Edited By: Paul C Stern and William E Easterling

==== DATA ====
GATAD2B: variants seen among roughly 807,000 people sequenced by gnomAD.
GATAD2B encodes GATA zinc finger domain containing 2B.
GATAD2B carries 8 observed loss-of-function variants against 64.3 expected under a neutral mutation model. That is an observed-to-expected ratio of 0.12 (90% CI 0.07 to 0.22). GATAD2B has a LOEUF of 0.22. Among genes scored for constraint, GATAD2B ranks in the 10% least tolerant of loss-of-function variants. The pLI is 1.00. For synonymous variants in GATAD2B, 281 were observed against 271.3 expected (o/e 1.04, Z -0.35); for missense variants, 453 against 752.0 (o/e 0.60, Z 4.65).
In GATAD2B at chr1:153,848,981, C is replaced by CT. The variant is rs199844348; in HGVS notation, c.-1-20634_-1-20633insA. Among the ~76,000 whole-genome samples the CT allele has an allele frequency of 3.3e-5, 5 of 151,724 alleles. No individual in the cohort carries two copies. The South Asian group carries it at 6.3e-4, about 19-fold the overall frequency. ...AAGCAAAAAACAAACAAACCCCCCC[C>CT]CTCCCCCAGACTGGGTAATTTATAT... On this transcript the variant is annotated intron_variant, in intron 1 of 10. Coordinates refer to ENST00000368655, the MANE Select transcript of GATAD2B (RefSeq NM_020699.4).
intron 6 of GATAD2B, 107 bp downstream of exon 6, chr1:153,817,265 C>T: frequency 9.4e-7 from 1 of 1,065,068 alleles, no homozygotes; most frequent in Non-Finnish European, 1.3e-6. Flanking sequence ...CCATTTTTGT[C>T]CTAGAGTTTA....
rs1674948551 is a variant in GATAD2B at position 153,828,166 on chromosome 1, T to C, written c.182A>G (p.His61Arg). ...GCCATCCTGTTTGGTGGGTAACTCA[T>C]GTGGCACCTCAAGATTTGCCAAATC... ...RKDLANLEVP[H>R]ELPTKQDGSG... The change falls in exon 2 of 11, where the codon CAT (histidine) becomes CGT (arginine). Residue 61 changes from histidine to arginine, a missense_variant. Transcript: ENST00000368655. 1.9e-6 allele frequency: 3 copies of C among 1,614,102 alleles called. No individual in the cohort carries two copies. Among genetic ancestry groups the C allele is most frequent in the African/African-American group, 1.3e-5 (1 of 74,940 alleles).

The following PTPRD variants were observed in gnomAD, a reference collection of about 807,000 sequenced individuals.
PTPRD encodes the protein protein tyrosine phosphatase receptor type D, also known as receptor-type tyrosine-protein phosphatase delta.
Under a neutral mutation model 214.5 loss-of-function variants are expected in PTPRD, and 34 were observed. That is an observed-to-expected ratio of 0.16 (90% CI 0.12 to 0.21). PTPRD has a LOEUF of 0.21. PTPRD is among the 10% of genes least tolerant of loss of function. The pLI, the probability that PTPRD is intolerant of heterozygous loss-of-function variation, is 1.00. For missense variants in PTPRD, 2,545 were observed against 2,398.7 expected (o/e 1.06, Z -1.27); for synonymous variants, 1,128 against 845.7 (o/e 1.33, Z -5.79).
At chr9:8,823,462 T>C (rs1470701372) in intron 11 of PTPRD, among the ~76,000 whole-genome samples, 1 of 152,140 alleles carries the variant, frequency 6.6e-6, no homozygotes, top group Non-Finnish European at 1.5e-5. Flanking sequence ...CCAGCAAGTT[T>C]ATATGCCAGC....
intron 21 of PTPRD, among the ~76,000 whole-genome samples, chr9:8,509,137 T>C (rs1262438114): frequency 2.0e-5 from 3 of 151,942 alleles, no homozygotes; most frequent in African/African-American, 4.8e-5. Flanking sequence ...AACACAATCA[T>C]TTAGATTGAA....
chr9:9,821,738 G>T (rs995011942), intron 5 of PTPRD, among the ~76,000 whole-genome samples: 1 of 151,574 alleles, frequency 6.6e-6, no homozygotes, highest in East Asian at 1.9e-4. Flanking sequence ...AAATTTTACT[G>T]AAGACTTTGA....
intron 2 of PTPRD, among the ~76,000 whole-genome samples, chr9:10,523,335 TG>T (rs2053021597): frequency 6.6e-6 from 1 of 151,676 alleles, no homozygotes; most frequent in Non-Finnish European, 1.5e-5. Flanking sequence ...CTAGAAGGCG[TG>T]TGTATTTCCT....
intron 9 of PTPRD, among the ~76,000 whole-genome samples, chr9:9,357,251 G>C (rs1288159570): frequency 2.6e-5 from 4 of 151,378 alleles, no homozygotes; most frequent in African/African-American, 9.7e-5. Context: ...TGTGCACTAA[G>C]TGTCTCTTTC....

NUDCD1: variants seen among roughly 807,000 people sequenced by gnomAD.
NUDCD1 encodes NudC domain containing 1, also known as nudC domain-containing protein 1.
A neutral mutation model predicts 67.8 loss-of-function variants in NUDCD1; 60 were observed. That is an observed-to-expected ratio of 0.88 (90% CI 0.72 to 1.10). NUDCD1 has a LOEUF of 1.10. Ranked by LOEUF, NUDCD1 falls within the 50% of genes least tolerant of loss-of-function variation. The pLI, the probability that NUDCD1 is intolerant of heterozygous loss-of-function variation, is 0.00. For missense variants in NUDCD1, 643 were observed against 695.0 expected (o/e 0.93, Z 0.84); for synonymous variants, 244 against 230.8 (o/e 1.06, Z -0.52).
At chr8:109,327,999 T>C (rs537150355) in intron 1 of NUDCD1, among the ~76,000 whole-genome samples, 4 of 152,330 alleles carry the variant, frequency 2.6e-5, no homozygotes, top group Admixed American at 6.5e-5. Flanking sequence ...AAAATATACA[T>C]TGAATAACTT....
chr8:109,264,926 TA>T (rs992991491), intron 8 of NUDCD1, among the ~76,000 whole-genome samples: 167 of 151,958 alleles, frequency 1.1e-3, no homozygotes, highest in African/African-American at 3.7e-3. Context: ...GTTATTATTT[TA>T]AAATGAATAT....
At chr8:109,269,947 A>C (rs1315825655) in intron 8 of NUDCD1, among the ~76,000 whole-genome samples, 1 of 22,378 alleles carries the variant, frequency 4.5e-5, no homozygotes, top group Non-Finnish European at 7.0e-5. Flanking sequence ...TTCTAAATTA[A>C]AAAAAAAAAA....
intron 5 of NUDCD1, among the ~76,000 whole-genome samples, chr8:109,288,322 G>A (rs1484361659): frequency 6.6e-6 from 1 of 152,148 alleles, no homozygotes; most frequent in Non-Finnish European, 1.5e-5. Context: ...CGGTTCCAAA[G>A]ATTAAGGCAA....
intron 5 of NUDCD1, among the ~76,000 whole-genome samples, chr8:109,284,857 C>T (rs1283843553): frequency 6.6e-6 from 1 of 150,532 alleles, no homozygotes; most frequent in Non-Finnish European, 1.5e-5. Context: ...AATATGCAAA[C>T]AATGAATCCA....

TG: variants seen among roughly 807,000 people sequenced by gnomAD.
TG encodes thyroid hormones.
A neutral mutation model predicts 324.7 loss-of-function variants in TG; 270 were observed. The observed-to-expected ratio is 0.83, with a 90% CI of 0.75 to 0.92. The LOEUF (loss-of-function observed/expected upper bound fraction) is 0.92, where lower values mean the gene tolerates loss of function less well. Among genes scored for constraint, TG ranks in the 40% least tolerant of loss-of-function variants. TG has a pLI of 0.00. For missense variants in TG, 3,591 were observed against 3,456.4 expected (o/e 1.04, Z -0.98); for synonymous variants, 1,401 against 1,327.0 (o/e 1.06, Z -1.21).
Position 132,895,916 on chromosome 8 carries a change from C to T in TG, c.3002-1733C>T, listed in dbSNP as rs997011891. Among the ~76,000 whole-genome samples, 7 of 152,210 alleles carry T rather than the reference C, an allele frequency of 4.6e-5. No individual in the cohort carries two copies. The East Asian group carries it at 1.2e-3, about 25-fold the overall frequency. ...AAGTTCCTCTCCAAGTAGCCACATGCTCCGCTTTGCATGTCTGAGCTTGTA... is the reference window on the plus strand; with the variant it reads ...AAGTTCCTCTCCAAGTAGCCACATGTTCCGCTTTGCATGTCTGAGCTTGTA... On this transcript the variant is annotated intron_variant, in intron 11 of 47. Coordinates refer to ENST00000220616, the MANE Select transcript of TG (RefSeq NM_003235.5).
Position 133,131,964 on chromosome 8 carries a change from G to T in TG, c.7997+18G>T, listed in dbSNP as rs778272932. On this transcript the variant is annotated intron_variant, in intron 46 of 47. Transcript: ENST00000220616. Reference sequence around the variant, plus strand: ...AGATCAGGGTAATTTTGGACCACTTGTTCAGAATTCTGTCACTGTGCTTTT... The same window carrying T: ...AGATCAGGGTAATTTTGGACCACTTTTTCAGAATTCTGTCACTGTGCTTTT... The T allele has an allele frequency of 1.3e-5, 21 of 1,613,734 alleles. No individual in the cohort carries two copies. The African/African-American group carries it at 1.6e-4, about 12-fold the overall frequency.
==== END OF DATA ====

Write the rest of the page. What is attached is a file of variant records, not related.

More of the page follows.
El Nino has been with us for centuries, but now we can forecast it, and thus can prepare far in advance for the extreme climactic events it brings. The emerging ability to forecast climate may be of tremendous value to humanity if we learn how to use the information well. How does society cope with seasonal-to-interannual climactic variations? How have climate forecasts been used - and how useful have they been? What kinds of forecast information are needed? Who is likely to benefit from forecasting skill? What are the benefits of better forecasting? This work reviews what we know about these and other questions and identifies research directions toward more useful seasonal-to-interannual climate forecasts. In approaching their recommendations, the panel explores: the vulnerability of human activities to change; the state of the science of climate forecasting; how societies co-evolved with their climates and cope with variations in climate; how climate information should be disseminated to achieve the best response; and how we can use forecasting to better manage the human consequences of climate change.
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